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The toy behind Michael Tilson Thomas’s love of dissonance


Discover the Grammy-winning conductor, pianist and composer. A National Medal of Arts recipient and longtime music director of the San Francisco Symphony, he helped set the standard that an American orchestra should champion modern American music. “American Masters—Michael Tilson Thomas: Where Now Is” premieres nationwide Friday, October 23 at 9 p.m. on PBS.


(bright piano music) - From the time I was a teenager going to music camp, it was noticed by the counselors that I really liked dissonant music.

(sharp dissonant piano chords crashing) And I always tried to figure out where that might've come from.

I think it may have come from my dad and from Toodles and Toodles, well let me introduce him to you.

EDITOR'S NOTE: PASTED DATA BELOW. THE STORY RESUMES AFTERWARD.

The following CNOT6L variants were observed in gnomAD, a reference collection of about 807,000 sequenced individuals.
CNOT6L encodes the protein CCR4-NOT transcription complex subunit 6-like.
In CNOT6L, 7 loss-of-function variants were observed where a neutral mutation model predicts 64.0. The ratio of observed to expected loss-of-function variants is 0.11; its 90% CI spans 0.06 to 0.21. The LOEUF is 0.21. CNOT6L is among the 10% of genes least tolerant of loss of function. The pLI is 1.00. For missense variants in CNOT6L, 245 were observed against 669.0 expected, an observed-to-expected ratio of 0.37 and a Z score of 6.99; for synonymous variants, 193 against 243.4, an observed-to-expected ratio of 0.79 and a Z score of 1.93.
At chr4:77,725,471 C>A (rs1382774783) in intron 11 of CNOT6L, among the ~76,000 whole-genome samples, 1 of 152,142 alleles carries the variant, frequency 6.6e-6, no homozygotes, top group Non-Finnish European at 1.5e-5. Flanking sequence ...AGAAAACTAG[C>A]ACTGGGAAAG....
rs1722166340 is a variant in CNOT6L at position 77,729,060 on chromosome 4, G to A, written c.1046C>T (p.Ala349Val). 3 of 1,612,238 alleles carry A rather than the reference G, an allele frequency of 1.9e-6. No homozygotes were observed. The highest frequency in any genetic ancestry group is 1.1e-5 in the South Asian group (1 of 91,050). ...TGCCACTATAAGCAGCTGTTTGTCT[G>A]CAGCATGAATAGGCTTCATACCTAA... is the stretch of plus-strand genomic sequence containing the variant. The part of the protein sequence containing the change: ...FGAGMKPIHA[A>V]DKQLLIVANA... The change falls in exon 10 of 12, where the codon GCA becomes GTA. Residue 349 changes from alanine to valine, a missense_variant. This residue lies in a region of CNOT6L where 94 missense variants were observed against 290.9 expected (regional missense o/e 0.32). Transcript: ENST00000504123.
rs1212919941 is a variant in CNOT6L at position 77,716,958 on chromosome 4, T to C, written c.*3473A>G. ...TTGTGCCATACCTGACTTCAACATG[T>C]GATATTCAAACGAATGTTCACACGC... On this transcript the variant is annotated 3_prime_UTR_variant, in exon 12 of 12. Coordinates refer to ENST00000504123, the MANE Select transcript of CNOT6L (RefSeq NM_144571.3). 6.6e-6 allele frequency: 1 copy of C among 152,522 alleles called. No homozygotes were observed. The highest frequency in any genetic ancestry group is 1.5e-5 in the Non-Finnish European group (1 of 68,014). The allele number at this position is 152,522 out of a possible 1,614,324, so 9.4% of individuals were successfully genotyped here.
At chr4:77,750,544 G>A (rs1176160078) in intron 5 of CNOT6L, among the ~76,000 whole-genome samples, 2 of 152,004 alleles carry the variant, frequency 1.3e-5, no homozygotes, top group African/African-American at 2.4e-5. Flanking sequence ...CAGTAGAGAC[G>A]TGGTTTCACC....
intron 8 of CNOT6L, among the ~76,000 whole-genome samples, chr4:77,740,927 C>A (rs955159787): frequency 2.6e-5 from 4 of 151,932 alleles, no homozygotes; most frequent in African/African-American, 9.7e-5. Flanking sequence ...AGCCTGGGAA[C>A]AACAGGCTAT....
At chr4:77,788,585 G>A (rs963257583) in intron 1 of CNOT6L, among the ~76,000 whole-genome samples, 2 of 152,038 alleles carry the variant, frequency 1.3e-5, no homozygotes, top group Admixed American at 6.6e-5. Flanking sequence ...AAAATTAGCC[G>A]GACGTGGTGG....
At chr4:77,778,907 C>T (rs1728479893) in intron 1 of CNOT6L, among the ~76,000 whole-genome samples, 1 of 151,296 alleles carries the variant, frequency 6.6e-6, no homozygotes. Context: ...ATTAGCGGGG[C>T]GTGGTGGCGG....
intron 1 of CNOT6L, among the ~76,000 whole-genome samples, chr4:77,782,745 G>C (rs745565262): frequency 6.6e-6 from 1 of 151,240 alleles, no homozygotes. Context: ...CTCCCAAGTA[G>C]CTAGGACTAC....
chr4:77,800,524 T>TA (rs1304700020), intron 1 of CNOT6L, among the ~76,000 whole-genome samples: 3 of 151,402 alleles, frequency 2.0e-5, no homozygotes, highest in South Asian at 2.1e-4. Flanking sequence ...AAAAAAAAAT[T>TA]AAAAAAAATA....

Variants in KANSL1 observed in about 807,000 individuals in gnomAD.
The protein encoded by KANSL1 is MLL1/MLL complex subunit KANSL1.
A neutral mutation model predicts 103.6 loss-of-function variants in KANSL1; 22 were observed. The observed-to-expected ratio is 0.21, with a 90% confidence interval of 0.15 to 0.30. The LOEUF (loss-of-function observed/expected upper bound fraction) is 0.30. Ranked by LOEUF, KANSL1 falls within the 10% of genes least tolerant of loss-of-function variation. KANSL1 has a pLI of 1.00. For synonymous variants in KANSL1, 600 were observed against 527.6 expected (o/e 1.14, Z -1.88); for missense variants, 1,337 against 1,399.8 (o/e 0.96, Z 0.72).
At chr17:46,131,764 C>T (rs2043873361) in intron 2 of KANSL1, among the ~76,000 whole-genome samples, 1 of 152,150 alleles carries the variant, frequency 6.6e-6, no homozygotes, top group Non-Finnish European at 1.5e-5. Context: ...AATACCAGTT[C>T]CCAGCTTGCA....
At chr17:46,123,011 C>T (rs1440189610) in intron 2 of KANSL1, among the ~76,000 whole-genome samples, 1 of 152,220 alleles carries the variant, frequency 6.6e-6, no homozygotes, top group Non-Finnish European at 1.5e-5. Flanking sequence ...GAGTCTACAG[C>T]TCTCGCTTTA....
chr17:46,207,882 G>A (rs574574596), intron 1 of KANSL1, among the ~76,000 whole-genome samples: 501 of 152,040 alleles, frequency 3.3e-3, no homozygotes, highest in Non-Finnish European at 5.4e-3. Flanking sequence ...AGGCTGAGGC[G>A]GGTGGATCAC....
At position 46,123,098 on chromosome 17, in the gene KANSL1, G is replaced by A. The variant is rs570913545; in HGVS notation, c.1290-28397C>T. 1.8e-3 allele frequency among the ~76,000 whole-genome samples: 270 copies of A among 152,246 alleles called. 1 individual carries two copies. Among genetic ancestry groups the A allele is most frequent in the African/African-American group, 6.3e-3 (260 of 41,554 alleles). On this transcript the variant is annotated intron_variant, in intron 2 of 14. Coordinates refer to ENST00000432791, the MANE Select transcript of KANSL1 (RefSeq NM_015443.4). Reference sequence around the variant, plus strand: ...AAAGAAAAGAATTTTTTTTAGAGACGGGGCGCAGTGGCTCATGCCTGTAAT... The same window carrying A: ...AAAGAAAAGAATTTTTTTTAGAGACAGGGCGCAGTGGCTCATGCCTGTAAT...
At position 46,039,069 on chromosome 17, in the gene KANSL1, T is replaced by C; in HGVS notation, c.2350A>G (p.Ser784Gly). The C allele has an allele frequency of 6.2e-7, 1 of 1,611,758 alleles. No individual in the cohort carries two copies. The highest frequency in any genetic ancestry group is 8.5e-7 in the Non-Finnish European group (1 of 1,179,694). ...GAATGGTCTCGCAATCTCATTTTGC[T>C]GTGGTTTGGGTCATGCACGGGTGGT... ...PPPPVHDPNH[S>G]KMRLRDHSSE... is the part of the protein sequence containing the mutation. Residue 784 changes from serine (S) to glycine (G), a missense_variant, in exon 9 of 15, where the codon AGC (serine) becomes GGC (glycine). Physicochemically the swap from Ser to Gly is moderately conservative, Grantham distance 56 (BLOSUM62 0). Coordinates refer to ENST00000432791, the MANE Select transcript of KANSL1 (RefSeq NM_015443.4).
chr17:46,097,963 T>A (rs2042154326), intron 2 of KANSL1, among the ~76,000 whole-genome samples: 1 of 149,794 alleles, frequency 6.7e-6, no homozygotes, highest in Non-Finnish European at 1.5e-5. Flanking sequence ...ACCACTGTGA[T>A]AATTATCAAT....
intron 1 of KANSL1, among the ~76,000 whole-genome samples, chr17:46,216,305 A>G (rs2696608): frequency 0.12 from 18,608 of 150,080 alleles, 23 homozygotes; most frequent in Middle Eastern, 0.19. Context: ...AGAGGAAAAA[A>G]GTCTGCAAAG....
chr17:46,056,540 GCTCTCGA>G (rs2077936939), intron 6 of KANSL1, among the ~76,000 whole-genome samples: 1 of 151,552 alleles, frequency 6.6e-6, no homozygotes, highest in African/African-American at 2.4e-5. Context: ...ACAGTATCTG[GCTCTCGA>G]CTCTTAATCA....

He's right up here.

This is Toodles and Toodles has a song and his song goes.

♪ I love a Toodle song. ♪ ♪ I love a Toodle song ♪ ♪ I love my Toodle song ♪ ♪ I sing it all day long. ♪ That was the Toodles song.

I, and my dad said, 'Well, and Toodles himself can play the song for you.'

And here he's gonna play the song.

And here he goes.

(dissonant piano music) And so I'm convinced that from that came my great love of.

(dissonant piano music) All these chords that I later encountered in Schoenberg and Berg, and Ives and everywhere else.

Because what to those composers had represented psychological distress and torment to me represented gorgeous, peaceful times you know, surrounded by my dad and playing music together.

That was a pretty good performance.

Don't you think?

We, well, we haven't done this for years, guys.

Thank you, Toodles.

We haven't done this for years.

(bright music)


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